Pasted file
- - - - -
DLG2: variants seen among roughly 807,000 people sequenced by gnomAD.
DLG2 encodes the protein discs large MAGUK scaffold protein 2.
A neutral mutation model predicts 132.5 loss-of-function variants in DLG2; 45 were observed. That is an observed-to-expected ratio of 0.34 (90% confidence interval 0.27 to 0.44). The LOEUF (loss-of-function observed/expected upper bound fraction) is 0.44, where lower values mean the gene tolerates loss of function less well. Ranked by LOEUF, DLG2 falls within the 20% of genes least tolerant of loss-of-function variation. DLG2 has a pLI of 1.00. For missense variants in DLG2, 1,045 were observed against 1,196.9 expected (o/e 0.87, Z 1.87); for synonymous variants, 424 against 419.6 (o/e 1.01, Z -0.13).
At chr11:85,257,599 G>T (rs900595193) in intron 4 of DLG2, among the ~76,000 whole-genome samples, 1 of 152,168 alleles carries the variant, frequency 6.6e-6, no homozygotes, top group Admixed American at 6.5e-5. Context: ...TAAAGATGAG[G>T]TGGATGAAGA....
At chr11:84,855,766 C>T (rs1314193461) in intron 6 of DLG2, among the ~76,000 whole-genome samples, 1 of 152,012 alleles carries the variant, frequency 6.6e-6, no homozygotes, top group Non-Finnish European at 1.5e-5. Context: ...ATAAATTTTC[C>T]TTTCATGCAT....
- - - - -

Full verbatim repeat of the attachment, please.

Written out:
DLG2: variants seen among roughly 807,000 people sequenced by gnomAD.
DLG2 encodes the protein discs large MAGUK scaffold protein 2.
A neutral mutation model predicts 132.5 loss-of-function variants in DLG2; 45 were observed. That is an observed-to-expected ratio of 0.34 (90% confidence interval 0.27 to 0.44). The LOEUF (loss-of-function observed/expected upper bound fraction) is 0.44, where lower values mean the gene tolerates loss of function less well. Ranked by LOEUF, DLG2 falls within the 20% of genes least tolerant of loss-of-function variation. DLG2 has a pLI of 1.00. For missense variants in DLG2, 1,045 were observed against 1,196.9 expected (o/e 0.87, Z 1.87); for synonymous variants, 424 against 419.6 (o/e 1.01, Z -0.13).
At chr11:85,257,599 G>T (rs900595193) in intron 4 of DLG2, among the ~76,000 whole-genome samples, 1 of 152,168 alleles carries the variant, frequency 6.6e-6, no homozygotes, top group Admixed American at 6.5e-5. Context: ...TAAAGATGAG[G>T]TGGATGAAGA....
At chr11:84,855,766 C>T (rs1314193461) in intron 6 of DLG2, among the ~76,000 whole-genome samples, 1 of 152,012 alleles carries the variant, frequency 6.6e-6, no homozygotes, top group Non-Finnish European at 1.5e-5. Context: ...ATAAATTTTC[C>T]TTTCATGCAT....